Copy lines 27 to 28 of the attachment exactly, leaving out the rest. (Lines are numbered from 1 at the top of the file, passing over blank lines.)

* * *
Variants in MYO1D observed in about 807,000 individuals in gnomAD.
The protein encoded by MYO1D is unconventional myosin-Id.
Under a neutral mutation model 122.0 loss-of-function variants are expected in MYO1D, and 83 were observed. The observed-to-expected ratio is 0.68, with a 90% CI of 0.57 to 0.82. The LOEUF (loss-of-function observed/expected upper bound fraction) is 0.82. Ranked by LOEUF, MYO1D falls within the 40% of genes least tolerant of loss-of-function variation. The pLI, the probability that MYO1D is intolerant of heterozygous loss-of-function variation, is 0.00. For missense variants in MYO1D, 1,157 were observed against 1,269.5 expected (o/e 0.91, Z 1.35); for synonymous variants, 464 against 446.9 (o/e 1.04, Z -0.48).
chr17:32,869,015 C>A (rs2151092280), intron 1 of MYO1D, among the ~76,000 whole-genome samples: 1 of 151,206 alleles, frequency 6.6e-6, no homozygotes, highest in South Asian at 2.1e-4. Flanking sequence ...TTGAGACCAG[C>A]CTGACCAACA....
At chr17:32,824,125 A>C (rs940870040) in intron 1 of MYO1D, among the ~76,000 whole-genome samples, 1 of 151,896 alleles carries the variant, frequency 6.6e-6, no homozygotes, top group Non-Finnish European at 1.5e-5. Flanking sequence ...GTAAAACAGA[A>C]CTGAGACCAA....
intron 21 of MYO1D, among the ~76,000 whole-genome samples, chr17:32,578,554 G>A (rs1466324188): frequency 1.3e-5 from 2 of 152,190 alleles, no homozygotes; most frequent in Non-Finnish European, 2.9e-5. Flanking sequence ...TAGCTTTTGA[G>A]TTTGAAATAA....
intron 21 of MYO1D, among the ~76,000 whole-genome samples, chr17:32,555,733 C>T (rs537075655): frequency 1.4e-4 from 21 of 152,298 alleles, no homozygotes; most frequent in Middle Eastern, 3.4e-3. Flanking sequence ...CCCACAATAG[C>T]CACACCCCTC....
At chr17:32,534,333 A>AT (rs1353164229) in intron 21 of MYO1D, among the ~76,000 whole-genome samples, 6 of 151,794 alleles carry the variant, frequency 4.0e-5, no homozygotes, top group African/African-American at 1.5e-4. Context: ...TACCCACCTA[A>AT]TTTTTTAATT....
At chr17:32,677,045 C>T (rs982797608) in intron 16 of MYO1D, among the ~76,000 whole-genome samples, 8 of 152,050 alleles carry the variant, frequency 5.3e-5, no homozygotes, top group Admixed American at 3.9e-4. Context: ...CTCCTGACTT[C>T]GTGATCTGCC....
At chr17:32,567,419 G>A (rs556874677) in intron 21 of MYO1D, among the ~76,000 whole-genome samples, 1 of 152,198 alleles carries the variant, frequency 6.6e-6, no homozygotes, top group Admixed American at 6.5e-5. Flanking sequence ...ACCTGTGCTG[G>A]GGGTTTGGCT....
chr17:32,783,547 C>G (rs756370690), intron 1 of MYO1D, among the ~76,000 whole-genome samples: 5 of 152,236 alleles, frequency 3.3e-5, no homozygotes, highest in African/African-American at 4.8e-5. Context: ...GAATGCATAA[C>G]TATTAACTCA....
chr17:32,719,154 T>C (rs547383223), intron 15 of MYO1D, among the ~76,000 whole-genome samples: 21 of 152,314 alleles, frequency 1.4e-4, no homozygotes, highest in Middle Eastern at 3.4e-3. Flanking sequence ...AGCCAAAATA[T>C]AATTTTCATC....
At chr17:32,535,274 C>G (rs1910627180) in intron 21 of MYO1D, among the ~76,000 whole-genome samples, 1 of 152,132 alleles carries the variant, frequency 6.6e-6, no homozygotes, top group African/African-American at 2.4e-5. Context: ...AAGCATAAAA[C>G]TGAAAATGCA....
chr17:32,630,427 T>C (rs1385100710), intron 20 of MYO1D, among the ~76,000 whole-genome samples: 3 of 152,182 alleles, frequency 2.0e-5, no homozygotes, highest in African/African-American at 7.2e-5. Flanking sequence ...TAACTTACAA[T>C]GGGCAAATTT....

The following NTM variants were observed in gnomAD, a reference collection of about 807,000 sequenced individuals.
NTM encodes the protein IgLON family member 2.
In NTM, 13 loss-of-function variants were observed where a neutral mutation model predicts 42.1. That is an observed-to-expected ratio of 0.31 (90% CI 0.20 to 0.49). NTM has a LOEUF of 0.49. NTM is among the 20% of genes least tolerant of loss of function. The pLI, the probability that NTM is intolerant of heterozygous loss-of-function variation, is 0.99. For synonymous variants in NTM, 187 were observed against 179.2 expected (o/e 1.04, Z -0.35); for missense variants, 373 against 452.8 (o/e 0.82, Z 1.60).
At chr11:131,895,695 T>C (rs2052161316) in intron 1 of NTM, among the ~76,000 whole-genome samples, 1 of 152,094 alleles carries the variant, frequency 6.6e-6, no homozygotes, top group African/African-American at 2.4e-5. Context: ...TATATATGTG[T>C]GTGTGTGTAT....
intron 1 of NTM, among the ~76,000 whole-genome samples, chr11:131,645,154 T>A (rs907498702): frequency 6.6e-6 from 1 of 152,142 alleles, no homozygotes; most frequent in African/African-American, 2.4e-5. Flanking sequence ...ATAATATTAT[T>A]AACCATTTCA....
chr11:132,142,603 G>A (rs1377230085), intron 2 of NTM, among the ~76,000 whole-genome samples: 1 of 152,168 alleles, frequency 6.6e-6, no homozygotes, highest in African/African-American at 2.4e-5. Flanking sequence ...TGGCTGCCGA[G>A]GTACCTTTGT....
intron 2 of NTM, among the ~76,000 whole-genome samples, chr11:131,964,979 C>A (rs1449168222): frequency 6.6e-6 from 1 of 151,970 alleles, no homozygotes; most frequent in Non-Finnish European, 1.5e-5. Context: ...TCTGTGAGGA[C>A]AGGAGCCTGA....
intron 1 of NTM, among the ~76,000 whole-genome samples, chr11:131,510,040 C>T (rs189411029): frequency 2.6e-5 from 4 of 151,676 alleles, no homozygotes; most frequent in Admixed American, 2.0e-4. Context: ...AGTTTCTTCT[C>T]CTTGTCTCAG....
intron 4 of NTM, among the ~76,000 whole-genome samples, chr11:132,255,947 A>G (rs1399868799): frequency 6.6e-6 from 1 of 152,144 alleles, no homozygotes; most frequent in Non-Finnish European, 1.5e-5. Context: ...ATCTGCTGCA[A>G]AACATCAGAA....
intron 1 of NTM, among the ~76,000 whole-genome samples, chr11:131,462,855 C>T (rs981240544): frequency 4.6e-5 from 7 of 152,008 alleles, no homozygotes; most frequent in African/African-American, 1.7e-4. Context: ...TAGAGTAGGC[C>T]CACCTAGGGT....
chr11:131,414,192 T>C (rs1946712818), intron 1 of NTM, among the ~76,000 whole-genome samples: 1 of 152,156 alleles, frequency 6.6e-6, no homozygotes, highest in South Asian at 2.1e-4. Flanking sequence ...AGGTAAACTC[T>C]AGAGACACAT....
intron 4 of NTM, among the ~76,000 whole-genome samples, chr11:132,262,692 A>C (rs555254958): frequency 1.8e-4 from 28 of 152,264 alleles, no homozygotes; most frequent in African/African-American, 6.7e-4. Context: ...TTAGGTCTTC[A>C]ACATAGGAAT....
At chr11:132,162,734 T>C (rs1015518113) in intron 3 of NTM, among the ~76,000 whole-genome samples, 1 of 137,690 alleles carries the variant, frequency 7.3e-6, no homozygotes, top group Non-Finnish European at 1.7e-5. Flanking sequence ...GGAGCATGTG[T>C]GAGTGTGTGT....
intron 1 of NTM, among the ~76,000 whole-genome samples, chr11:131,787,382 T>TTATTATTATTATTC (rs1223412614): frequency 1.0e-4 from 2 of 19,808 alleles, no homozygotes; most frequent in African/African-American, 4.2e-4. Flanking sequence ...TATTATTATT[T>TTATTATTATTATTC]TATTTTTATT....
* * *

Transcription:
At chr11:132,162,734 T>C (rs1015518113) in intron 3 of NTM, among the ~76,000 whole-genome samples, 1 of 137,690 alleles carries the variant, frequency 7.3e-6, no homozygotes, top group Non-Finnish European at 1.7e-5. Flanking sequence ...GGAGCATGTG[T>C]GAGTGTGTGT....
intron 1 of NTM, among the ~76,000 whole-genome samples, chr11:131,787,382 T>TTATTATTATTATTC (rs1223412614): frequency 1.0e-4 from 2 of 19,808 alleles, no homozygotes; most frequent in African/African-American, 4.2e-4. Flanking sequence ...TATTATTATT[T>TTATTATTATTATTC]TATTTTTATT....